commonpleco Aquarium fish survives seven months alone in vacant houseAn aquarium fish has survived seven months in a fish tank without being fed or cared for, since its owner is in police custody after being accused of killing two Chilean students and wounding three others.

When employees from Contractor’s Choice and members of the Summer Lake Homeowners Association walked into the vacant town house at Miramar Beach, Florida, they discovered what appears to be a plecostomus.

The fish was apparently overlooked when lawmen removed the other pets – fish and birds – from the home after the arrest of the pet owner Dannie Baker. The fish went unnoticed for so long because Baker’s home was closed to the homeowners association after the arrest.

I was very upset because I thought the police had taken everything after Dannie’s arrest,” said Dianne Richmond, vice president of the homeowners association. “This poor fish has been in that boiling house with no air conditioning and nothing to eat for about seven months.”

The pleco was discovered by the fiancée of Contractor’s Choice owner, who noticed something moving in the tank and sprinkled some fish food in the water. This caused the pleco to swim out into the open to feed.

When the pleco was discovered, much of the water in its tank had evaporated and the remaining water had turned dark.

Josh Olis, an account manager at Contractor’s Choice, said he didn’t believe it when his boss told him a fish was still alive in the tank. After seeing it for himself, he and the owner refilled the tank with about 50 gallons of water. He said he will make sure the fish is fed for as long as the company is working in the home. The contractors have even given the fish a name – Theo.

I think we’re going to accept him into the cleaning family for now,” Olis said. “He’s been living in that tank for so long, surviving off algae. I have so much respect for him, I had to name him.”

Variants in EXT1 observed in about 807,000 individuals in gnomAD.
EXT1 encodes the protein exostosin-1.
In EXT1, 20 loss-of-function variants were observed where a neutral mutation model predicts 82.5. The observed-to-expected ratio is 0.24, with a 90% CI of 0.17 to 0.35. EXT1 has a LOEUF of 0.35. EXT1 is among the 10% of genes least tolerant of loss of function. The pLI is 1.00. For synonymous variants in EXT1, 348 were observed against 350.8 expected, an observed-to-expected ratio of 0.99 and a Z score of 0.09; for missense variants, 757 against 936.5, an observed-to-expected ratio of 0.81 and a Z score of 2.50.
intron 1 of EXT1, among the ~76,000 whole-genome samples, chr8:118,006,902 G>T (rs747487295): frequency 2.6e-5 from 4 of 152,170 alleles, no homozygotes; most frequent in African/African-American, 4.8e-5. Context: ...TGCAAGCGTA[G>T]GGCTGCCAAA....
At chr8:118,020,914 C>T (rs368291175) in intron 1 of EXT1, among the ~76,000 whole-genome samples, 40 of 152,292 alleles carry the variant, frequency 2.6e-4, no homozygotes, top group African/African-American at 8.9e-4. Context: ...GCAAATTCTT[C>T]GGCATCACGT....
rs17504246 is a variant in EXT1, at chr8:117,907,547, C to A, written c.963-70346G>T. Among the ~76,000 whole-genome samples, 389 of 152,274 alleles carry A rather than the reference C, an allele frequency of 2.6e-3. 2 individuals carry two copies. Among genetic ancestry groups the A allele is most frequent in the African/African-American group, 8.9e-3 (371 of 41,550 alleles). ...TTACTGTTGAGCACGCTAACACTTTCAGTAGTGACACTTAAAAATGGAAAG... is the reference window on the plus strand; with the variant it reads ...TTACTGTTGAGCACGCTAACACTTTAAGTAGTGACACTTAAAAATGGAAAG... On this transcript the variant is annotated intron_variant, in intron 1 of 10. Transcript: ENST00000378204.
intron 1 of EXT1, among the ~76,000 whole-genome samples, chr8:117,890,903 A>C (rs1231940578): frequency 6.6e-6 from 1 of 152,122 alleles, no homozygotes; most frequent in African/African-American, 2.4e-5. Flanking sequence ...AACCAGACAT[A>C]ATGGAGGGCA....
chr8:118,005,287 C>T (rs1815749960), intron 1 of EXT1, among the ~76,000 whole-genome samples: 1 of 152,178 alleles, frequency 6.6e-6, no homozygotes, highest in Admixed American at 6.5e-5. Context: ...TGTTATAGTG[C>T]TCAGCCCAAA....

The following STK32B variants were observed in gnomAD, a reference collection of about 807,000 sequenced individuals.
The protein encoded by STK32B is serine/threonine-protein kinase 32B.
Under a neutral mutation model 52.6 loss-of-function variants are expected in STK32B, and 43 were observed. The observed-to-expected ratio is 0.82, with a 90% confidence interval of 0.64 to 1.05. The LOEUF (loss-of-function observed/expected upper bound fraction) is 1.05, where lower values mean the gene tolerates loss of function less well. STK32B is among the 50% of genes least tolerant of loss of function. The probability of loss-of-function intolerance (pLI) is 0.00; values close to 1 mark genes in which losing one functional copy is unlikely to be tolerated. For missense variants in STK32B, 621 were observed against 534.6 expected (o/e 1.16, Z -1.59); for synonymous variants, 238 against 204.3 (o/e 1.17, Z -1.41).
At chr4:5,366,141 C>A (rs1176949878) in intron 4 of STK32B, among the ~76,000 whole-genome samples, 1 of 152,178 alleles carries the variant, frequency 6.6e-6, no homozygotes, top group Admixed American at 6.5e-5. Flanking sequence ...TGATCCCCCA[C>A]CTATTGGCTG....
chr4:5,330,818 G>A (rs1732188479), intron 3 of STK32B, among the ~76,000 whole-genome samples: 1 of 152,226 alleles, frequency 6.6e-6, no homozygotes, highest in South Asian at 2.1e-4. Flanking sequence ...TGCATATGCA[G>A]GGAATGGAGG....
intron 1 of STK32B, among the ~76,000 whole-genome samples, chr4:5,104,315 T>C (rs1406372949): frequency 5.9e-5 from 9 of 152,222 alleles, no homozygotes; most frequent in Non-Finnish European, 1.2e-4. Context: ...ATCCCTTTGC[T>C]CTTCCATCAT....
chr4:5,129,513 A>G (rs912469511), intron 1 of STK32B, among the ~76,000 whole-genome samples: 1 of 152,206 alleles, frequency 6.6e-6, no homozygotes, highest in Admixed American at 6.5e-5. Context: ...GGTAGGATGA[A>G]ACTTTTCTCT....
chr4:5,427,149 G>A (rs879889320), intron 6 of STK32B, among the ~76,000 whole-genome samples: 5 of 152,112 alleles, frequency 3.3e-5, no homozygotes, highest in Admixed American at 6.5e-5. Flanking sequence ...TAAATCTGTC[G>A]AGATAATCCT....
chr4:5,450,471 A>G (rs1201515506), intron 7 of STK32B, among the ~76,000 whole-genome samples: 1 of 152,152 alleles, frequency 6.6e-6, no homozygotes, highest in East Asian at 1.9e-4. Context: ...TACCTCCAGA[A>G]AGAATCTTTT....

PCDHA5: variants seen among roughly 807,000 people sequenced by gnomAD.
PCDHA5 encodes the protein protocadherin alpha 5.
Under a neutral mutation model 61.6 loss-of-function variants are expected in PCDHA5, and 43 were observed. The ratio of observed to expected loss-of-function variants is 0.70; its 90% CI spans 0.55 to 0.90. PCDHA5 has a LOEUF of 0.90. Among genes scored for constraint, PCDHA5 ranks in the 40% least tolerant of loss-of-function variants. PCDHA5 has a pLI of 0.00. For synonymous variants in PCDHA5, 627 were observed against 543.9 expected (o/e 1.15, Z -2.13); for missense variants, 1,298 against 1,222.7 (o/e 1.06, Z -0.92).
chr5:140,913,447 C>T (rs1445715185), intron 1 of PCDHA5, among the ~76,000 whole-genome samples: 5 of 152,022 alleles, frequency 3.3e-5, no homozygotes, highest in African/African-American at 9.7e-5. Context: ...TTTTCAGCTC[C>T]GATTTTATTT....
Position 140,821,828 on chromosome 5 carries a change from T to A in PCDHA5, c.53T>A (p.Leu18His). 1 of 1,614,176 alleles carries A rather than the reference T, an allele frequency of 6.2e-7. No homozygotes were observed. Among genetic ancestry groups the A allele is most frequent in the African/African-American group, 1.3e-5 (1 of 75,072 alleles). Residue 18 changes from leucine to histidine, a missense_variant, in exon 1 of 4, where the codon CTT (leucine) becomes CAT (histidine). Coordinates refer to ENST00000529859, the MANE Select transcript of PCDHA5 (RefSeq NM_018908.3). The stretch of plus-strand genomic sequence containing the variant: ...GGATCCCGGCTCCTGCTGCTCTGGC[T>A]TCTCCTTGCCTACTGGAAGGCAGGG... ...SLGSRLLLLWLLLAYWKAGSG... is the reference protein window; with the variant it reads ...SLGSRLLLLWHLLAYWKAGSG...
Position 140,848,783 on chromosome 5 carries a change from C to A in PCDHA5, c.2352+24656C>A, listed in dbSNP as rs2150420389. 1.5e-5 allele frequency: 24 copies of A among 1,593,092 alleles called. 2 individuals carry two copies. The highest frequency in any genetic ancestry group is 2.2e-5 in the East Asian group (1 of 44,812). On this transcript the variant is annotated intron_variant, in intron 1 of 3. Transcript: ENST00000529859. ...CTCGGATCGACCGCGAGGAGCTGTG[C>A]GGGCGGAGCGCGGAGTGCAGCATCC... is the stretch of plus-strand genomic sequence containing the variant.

The employees at Contractor’s Choice are now looking for a permanent home for Theo.

This poor fish has really worked for a new home,” Richmond said. “It’s a wonder he’s survived this.”

AC Comment

Although I certainly don’t recommend neglecting your plecos for seven months, I’m not very surprised that Theo was alive and kicking when they found him. Many of the catfish species commonly referred to as plecos are algae-eaters (especially when young), so if there was any light coming into the room, Theo probably had some food to eat since nobody was there scrubbing away the algae. It all comes down to how large the tank is; a big tank may generate enough algae to keep a pleco alive (albeit hungry and malnourished) for several months.

Also, the natural habitat of plecos is Central and South America, so living without air conditioning in Florida is probably not something that bothered Theo much, especially if the aquarium was placed in a location where it was sheltered from sunlight during the harshest hours of the day.

Evaporation on the other hand, that is a real threat. The build up of waste in the water was probably tolerated by Theo since the progress was slow and gradual, but eventually ending up with hardly any water due to evaporation would naturally have killed him.

Last but not least, a word of caution. Although the employees of Contractor’s Choice acted admirably and should be applauded for taking such an interested in an abandoned fish, giving Theo 50 gallons of new water was actually quite risky since such a rapid change of water quality (and probably also temperature) can be lethal to fish – especially if the tap water is also heavily chlorinated. (But this is naturally impossible to know unless you’re an aquarist so I don’t mean to sound condescending here.) If you find a neglected fish, the safest method is to gradually change water quality and temperature until conditions are ideal for that particular species.